I’ll dodge that part of the story and get back tot he core question. I’m certain I can coax girls into playing great and successful Soccer because I convince them to believe in themselves and play as a team. most girls are not raised that way. while that is a blog post worthy of its own merits, I’ll run with it another time. but,I  believe I have a fair amount of success coaching boys in Lacrosse because I understand them better than most of their own Dads, especially if football has ever been involved. I relate to them. I probably think in similar fashion, and see the world in much the same way. my wife says I’ve never lost my sense of wonder and naiveté. I get VERY excited over “gear”.

haloin any event, all of this is a preamble to a brief discussion over Halo. going back to 2005 we had a shot at a movie with Peter Jackson (Hobbit movies) at the helm. but, Microsoft (owns all rights to Halo – and deserves a lot of credit for ONLY that), the best example of the evil empire itself mucked it all up by being greedy. its true, read more about that here:

How Peter Jackson’s Long-Awaited ‘Halo’ Movie Morphed Into Steven Spielberg Xbox-Only Series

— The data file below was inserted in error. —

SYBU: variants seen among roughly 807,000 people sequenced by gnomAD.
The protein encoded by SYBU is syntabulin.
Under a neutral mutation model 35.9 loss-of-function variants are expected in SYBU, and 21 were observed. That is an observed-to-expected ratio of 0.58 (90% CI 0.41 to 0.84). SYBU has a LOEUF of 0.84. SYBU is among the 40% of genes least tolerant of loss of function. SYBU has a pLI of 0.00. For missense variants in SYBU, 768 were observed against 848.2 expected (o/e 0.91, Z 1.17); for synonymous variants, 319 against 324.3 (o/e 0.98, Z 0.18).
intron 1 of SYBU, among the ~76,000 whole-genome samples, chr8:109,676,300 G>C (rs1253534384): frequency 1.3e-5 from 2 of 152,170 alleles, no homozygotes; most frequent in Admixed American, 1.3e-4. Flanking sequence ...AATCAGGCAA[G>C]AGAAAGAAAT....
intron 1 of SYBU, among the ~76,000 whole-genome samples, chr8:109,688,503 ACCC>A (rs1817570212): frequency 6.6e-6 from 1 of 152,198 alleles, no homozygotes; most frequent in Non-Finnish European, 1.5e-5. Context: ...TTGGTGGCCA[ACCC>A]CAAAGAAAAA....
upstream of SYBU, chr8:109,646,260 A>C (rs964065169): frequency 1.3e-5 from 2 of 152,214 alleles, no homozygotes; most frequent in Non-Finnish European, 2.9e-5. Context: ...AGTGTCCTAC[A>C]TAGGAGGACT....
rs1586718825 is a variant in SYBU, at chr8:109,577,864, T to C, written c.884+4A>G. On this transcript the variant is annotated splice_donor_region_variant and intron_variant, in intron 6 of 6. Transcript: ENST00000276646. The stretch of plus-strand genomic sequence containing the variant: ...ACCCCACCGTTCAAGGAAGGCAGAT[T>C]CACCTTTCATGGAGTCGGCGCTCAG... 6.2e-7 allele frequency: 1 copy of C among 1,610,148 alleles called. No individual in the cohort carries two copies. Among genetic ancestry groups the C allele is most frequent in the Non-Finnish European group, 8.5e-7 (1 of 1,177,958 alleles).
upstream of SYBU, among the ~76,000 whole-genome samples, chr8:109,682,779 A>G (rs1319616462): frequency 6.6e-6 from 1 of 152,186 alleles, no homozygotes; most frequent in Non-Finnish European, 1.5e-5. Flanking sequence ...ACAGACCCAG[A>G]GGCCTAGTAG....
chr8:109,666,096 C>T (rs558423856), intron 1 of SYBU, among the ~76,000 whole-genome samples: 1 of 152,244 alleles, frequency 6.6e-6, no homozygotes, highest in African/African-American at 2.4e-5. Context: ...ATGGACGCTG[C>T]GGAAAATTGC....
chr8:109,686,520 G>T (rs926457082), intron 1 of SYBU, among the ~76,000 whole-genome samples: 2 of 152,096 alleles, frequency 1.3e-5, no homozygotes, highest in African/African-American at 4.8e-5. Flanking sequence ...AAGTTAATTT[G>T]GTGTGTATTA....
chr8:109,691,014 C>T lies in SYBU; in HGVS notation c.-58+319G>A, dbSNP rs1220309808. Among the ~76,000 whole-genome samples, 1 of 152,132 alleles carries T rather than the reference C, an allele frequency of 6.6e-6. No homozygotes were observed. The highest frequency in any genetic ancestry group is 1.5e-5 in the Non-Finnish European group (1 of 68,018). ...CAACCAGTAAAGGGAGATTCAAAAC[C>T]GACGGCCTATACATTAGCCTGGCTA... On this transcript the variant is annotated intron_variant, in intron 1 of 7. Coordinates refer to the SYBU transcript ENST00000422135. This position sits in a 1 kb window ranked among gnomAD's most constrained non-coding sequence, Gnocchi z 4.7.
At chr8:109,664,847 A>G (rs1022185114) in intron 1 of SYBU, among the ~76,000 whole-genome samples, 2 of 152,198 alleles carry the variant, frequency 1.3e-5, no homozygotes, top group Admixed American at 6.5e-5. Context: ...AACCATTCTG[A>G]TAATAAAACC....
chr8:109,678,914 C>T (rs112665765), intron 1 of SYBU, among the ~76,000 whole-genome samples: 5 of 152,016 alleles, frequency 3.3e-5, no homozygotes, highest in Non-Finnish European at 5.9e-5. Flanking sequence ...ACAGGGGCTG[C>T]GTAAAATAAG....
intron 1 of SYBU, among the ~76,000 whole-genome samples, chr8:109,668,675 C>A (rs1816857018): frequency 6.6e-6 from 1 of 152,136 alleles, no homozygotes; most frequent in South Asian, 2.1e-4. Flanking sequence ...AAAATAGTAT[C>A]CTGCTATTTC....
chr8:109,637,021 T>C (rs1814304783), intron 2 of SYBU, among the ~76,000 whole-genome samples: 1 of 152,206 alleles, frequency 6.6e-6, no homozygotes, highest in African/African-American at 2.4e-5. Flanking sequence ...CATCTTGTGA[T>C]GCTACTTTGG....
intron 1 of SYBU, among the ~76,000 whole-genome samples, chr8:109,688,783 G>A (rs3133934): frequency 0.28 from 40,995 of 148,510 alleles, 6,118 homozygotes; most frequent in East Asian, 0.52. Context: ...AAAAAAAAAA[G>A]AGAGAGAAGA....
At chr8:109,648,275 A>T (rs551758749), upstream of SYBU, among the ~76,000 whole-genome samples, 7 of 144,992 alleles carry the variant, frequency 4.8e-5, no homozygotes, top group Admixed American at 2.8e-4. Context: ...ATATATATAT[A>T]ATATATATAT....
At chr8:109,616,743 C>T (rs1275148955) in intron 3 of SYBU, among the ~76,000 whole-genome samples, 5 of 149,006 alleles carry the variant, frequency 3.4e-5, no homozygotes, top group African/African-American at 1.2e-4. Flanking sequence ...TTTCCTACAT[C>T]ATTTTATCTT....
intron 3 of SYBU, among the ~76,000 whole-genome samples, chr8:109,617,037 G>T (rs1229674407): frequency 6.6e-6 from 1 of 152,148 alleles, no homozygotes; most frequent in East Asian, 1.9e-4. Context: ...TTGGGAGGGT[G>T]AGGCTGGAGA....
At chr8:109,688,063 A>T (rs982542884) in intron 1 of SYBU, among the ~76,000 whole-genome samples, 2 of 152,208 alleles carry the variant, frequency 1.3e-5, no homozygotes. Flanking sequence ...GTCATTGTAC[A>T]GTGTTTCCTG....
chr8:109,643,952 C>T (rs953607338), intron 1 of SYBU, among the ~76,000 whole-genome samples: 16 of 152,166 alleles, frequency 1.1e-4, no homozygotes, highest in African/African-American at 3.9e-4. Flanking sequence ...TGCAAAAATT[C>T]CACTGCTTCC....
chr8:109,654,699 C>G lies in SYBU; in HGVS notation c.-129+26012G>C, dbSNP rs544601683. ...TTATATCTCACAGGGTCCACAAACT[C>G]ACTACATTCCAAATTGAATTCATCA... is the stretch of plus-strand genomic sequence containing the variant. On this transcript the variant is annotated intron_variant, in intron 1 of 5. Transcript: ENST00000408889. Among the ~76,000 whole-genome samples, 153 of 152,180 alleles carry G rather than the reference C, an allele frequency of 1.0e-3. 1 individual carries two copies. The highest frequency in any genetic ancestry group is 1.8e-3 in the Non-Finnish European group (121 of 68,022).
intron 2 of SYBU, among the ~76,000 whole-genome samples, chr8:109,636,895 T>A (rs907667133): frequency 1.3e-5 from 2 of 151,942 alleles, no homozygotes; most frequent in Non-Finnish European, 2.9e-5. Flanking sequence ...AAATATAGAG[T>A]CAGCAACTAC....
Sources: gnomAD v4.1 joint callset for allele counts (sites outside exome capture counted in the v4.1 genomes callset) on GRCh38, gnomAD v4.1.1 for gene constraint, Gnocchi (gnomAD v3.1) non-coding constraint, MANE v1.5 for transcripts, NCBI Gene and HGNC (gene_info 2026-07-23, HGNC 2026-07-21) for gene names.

Halo could have been a blockbuster similar to Avatar. but now it’s destined to be small-screened on the forth-coming XBox-TV.

this is classic Microsoft being stupid and stodgy and turning a great concept into frustrating irrelevance.

for perspective, Microsoft has come up with Office 365. but, you can’t import contact pictures up to it. so, in our social media networked business community that is another VERY stupid mistake.

so… that’s just par for the ill-kept course with Microsoft.

I want to buy more Microsoft stock (I bought a lot in the late ’80’s and early ’90’s). however, I keep having to ask myself how could a company that is so relevant be so goofy with its execution? kind of like Dad’s with sons that don’t understand what Lacrosse means.

it’s all tied together.

more later. we are off to the club today for a pool party. my Jeep driving Haley Anne might just join us. I am grateful for so much. I have been training hard of late and I am craving a hamburger.

today, in honor of Microsoft, and that of our Military heroes, I am listening to Despair by the Yeah Yeah Yeah’s. you can watch it here:

peace to my Brothers and Sisters.

brian patrick cork

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What’s All This About?

"What am I looking at?", you might wonder.

Lots of stuff.

Meanwhile, here, I discuss events, people and things in our world - and, my (hardly simplistic, albeit inarticulate) views around them.

You'll also learn things about, well, things, like people you need to know about, and information about companies you can't find anywhere else.

So, while I harangue the public in my not so gentle way, you will discover that I am fascinated by all things arcane, curious about those whom appear religious, love music, dabble in politics, loathe the media, value education, still think I am an athlete, and might offer a recipe.

All the while, striving mightily, and daily, to remain a prudent and optimistic gentleman - and, authentic.

brian cork by John Campbell





photos by John Campbell